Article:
12. Thus, the reference may be to an appellate or a revisional Court reversing a decree of the Court below. But when the Code of Civil Procedure 1908 was itself enacted it was never contemplated that orders would be reversed in writ proceedings. However, after the Constitution as Articles 226 and 227 of the Constitution of India have conferred prerogative powers on the High Courts, it will be proper to interpret Section 144. C. P. C. to include such orders as may be passed in Writ Proceedings as well. It is to be noted that the Section does not confine the variation or reversal to an order passed in appeal or revision only. But the wording is wide enough to include any situation where any order or decree of the Court below has been reversed. The reversal may be in any manner. It can as well be by an independent decree passed in a separate suit or it can also be by a Writ issued in Writ Proceedings. Therefore, we are unable to accept the contention of the learned counsel for the petitioners that Section 144, C. P. C. in its turn should be restricted to reversal by an appellate or a revisional Court only.
13. Even apart from this, as inherent powers have been conferred on the Revenue Courts, it would be too much to accept the contention that the Revenue Courts would not have power to nullify the damage that may be caused on account of its wrong orders, which have later on been reversed or varied either by the appellate Court or by the revisional Court or even by the High Court exercising prerogative power under Articles 226 and 227 of the Constitution of India. Such interpretation in our opinion, will be opposed to the very statutory provisions made in the M. P. Land Revenue Code, 1959, which have conferred the status of a Court on the Revenue Officers and which have also conferred on them the inherent powers to do justice between the parties.
14. On the other hand, the learned counsel for the first respondent invited attention to the observations of a Division Bench of the Allahabad High Court in Vindhyachal Tewari v. Board of Revenue. AIR 1956 All 663 wherein the learned Judges laid down that Section 144 would apply to all cases in which a decree or order is varied or reversed. The reversal may be in an appeal or in a revision or in some other proceedings. It might be varied or reversed in a separate suit or it might be varied or reversed even by subsequent legislation. An abatement of a suit or proceedings would have the effect of nullifying the entire suit or proceedings and all orders and decrees passed in those proceedings. Therefore, the Division Bench held that the abatement on account of legislation would have the effect of reversing the decree or orders so passed. Therefore, according to the learned Judges Section 144 C. P. C. in terms would apply to the reversal of a decree or by means of abatement of proceeding as provided by R. 5 of the Rules framed under the U. P. Zamindari Abolition and Land Reforms Act. The Division Bench also held that Section 144 would apply to suits under the U. P. Tenancy Act. Thus, the learned Judges placed a broad based interpretation on Section, 144 and did not restrict it to reversal in an appeal or a revision by a Revenue Court only. This case was followed by a learned single Judge of this Court in Hariram v. Pooransingh M. (S) A. No. 165 of 1958 D/- 7-10-1959 = 1960 MPLJ (SN) 150. Although the said case was not mentioned in the judgment. Naik J. in Ganga Bai v. Raiaram Guiar M. (S.) A. No. 78 of 1959, D/- 30-8-1960 = 1960 MPLJ (SN) 224 followed the principles as regards reversal by way of abatement provided by the statute relating to abolition of proprietary rights. Subsequently, S. B. Sen, J. in Hariram Beharilal Guiar v. Pooransingh Fatesingh 1962 MPLJ 338 = (AIR 1962 Madh Pra 295) following that view, held that Section 144 would apply to cases of variation or reversal of a decree, either in appeal or revision or by separate suit or even by the subsequent legislation. We may add that the reversal can as well be in writ proceedings under Articles 226 and 227 of the Constitution of India and to restrict the operation of Section 144. C. P. C. by excluding such orders passed in writ proceedings would, in our opinion, not be the correct way of interpretation of Section 144. Even apart from that we would hold that a Revenue Court has inherent power to order restitution so as to compensate a damage done to a party by its wrong order which has been varied or reversed. The principle of actus curiae neminem gravabit will be applicable to such a situation and no act of Court shall prejudice any of the parties.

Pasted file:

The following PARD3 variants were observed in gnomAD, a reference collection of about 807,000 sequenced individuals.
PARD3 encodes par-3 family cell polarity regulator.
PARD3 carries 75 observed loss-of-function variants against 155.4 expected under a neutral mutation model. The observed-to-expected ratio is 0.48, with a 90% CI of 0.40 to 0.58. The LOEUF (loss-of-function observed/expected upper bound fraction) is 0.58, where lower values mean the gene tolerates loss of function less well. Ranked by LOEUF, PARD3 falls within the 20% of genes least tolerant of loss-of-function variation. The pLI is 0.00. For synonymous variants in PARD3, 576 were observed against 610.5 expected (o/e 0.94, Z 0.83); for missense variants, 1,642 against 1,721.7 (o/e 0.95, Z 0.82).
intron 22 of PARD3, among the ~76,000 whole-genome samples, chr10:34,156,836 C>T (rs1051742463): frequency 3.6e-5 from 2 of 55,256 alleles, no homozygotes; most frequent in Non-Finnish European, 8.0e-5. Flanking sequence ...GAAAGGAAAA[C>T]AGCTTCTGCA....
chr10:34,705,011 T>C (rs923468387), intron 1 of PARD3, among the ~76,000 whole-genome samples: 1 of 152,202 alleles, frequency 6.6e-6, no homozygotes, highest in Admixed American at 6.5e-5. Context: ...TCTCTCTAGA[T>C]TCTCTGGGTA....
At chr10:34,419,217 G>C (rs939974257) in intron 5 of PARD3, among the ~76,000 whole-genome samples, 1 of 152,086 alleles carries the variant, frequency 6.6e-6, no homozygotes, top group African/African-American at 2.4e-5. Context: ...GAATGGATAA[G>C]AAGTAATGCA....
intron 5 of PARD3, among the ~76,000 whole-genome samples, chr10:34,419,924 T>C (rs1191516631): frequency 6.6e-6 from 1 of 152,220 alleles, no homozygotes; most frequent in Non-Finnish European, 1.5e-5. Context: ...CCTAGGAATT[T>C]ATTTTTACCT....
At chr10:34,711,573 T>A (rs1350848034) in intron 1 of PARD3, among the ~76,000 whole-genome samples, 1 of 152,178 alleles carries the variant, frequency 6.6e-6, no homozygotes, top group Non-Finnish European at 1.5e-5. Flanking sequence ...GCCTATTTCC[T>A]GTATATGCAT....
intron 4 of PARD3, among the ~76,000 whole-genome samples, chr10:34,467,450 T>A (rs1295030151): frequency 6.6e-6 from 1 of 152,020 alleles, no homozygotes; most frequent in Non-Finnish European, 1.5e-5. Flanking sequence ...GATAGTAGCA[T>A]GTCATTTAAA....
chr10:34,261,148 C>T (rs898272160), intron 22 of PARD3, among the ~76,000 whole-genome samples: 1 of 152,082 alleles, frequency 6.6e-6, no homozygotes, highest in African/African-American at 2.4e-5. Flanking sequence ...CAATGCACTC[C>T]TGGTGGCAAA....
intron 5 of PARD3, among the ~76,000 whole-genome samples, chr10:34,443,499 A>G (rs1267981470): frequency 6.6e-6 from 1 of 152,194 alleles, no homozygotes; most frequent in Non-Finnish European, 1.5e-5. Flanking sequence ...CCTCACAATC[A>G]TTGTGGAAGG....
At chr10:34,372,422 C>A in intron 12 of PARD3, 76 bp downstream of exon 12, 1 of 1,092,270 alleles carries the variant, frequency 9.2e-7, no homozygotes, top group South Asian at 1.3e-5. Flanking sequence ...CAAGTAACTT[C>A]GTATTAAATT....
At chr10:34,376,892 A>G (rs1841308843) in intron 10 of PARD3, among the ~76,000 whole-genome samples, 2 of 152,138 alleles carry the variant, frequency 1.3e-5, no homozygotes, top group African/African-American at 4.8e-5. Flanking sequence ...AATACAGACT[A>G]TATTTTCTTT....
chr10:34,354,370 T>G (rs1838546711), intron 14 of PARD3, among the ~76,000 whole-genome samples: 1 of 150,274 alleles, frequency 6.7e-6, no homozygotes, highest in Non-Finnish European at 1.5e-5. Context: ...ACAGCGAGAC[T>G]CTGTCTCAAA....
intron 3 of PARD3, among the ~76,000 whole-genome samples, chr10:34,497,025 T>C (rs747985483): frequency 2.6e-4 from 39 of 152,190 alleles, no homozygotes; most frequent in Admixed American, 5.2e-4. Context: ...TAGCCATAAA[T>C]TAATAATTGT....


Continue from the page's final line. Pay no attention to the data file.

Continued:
15. Earlier we have already indicated that all these objections based on the orders passed in proceedings under Section 91 of the M. B. Land Revenue and Tenancy Act. 1950, are not available to the petitioners in the execution proceedings. At the most, they could be raised in the substantive proceedings under Section 21 of the M. B. Abolition of Jagirs Act. 1951. Such points, as the petitioners might have raised were decided against them and if they did not raise them, they will be barred from raising them by the rule of constructive res judicata and at any rate, the Executing Court would have no jurisdiction to go into these questions.
16. To conclude we are of opinion that the view taken by the learned Member of the Board of Revenue in the present case ordering restitution was perfectly correct and the same does not call for any interference whatsoever. Consequently, the writ petition fails and is accordingly dismissed with costs. Counsel's fee in this Court shall be Rs. 100/-, if certified. The outstanding amount of the security deposit, if any, after deduction of costs, be refunded to the petitioners.